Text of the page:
Though it's been underway for months, the race to replace Francis Slay as the mayor of St. Louis has officially begun.
Three of the top candidates for mayor were at the doors of the city's Board of Election Commissioners at 8 a.m., Monday — the start of filing for the March Democratic primary.
"Oh my God, my stomach is in knots," said St. Louis Treasurer Tishaura Jones, as she finished the paperwork needed to run for mayor. "That's the largest filing fee I've ever paid." Candidates for mayor must pay more than $1,300 — 1 percent of the mayor's salary.
Filing marked the latest step in the five-month campaign of Alderman Lyda Krewson, D-28th Ward, who announced she was running in June.
"We have an organization built. The experience of getting organized is always good in a campaign," she said.
Board of Aldermen President Lewis Reed launched his second try at the mayor's office on Monday.
"We're starting early," he said of his latest campaign. "We're not going to concede any area in the city, and just bring our vision and ideas out."
Who's in for mayor
Currently the alderman from the 28th Ward, Krewson was the first candidate to announce a mayoral bid after Slay surprised the St. Louis political world by deciding not to run again.
"Neighborhood safety is job one for the next mayor," she said Monday. "And that's certainly the focus of my campaign, along with economic development and jobs, and of course modernizing our government."
A campaign finance report filed in October shows Krewson with more than $403,000 in her campaign fund — the most of any of the major candidates for mayor.
Reed, the president of the Board of Aldermen, lost the 2013 Democratic primary to Slay by approximately 4,500 votes. But he told St. Louis Public Radio's Jason Rosenbaum in August that the unsuccessful bid put him in the best position for success in 2017.
“We’re coming into this race as the clear front-runner in the race when you look at the ability to have a citywide footprint, name recognition and a solid group of supporters in every single corridor of the city," Reed told Rosenbaum.
Like Krewson, he plans to focus much of his campaign on crime. But he also plans to bring a message of unity to the city.
"Our differences are our strengths, and if we can embrace those differences in a meaningful way, I think that the city will see a lot of benefits," he said.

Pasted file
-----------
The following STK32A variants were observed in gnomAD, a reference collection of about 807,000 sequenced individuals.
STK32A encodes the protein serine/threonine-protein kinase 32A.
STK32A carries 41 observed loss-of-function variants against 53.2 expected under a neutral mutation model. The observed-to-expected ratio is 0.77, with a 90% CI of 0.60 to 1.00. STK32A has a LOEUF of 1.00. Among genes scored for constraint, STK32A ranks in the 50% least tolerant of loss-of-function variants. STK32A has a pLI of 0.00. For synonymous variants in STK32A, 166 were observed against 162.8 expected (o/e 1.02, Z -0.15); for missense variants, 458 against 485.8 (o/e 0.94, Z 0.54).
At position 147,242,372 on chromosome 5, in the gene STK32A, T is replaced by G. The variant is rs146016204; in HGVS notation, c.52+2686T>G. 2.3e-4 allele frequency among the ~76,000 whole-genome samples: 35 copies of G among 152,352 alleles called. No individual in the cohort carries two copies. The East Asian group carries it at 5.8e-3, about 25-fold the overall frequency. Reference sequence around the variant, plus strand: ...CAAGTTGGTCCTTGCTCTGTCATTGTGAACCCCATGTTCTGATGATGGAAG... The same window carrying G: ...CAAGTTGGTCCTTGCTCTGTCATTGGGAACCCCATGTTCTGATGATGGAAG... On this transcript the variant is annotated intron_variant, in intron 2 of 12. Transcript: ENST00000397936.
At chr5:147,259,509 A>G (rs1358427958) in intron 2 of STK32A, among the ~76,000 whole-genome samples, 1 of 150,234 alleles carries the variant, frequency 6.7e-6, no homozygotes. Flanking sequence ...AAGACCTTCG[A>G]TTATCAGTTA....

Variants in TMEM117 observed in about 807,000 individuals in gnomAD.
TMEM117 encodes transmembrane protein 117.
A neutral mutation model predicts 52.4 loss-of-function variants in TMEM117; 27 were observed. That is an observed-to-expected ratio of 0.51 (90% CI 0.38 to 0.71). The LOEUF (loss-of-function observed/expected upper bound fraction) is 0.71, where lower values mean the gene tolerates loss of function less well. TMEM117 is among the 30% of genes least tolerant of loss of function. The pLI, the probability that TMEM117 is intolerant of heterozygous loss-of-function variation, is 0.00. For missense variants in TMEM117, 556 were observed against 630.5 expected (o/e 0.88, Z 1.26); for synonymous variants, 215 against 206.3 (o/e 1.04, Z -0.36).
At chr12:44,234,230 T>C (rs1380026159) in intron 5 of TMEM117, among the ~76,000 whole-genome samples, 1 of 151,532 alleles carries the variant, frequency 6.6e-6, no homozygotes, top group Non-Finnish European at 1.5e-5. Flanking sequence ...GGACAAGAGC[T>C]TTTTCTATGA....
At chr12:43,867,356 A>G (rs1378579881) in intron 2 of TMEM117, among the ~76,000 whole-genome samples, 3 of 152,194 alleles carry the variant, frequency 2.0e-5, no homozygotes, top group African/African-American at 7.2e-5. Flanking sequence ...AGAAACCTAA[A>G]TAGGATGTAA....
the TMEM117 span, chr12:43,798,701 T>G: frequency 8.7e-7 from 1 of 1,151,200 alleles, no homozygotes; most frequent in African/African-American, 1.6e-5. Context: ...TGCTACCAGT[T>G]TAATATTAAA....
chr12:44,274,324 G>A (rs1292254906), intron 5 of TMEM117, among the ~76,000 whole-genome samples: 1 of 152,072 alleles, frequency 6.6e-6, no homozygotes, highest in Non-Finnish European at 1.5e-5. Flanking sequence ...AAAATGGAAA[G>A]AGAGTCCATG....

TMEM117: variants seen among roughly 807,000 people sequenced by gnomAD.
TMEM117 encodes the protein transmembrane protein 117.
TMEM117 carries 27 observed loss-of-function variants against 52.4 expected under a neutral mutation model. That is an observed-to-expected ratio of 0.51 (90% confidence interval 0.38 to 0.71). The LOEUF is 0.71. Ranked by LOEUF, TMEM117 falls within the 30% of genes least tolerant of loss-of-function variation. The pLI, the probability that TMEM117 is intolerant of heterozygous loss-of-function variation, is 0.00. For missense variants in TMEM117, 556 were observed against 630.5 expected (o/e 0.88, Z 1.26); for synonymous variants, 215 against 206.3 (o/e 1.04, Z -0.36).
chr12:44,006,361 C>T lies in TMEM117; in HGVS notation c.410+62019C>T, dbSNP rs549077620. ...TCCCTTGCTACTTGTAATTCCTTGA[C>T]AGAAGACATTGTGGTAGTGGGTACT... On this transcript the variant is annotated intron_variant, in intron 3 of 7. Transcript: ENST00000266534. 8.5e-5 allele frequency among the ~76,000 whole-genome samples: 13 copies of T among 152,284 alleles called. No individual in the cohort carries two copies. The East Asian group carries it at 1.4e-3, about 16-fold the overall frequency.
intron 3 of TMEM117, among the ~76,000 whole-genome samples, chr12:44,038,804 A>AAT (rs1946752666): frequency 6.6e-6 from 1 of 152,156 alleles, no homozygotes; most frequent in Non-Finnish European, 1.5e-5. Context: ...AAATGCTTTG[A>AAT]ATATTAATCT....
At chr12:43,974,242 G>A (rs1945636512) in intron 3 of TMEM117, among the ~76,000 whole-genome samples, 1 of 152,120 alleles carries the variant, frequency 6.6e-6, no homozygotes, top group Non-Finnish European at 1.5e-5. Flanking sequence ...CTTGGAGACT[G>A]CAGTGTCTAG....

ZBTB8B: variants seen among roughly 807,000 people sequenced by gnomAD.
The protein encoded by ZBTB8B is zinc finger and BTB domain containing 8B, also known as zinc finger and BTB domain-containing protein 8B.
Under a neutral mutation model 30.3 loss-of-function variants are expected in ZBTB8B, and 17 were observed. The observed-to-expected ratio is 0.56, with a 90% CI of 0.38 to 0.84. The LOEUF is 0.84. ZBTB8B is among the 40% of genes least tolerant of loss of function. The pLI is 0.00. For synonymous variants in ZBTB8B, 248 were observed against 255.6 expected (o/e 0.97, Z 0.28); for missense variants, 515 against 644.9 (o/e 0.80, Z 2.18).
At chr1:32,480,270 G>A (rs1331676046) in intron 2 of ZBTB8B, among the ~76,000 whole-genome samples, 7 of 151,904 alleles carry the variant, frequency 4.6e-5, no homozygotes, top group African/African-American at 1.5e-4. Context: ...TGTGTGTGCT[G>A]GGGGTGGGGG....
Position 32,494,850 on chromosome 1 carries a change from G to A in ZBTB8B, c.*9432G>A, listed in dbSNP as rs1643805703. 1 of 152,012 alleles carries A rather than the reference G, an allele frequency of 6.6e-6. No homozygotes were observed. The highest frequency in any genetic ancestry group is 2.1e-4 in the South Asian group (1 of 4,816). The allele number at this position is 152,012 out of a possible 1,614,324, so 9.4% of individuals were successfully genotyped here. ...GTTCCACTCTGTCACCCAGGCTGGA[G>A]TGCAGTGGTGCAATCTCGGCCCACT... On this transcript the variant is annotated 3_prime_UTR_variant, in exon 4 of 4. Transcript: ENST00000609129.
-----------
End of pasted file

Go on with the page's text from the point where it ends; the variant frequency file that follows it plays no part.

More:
As of Oct. 17, Reed had about $227,000 in his campaign account.
"We are at a crossroads right now," Jones said on Monday. "This is the first time the office has been open in a long time."
At her campaign kick-off earlier this month, Jones pledged to close the gaps she saw in the city, " between races, gaps between the haves and the have-nots." And though she is among the youngest candidates in the field, Jones emphasized the varied political experience she does have.
"I have experience managing a multi-million dollar budget and hundreds of employees at the same time, and then making sure that I put a good team around me," she said. "I also know the demarcations between state, federal and local government."
Jones was not required to file an October ethics report, but has received at least $196,000 in large donations since Oct. 25. The largest chunk was a transfer from the account she used during her successful bid for treasurer.
Long a fierce critic of Slay, French entered the race to be a partner to struggling neighborhoods, including his own. He filed after the initial rush.
“It has been very difficult to get the kind of transformative change that we want to see in these communities without a partner in the mayor’s office,” French said in an interview with St. Louis Public Radio in August. “That office is critical to the city of St. Louis and also critical to the lives of individual citizens and neighborhoods.”
Like Reed and Krewson, French plans a laser focus on crime reduction.
Though he has a ton of name recognition, ethics filings show French struggling with fundraising — he had less than $35 in his campaign account as of Oct. 17.
Boyd, the 22nd Ward alderman, also pledges to bring down crime by focusing on revitalizing distressed neighborhoods. "It's time for the city to plan development, rather than react to developer's plans," he wrote in a statement announcing his candidacy on Nov. 21. He also pledged a larger police presence in neighborhoods while working to bridge the gap between police and the residents.
Boyd lost the 2012 Democratic primary for treasurer to Tishaura Jones, and also ran unsuccessfully for license collector in 2014. He had about $48,000 in a campaign account as of Oct. 16, though raised more than $161,000 for his license collector race.
Matthews, a former alderman, is a perennial citywide candidate who most recently ran for sheriff in 2016, coming in fourth in a 5-way race. He has never raised or spent more than $500 in any of his unsuccessful campaigns.
Haas, a member of the elected board of the St. Louis Public Schools, recently ran against fellow mayoral candidate Lyda Krewson to be the 28th ward alderman. He pledged a focus on job training and reforms to tax abatement.
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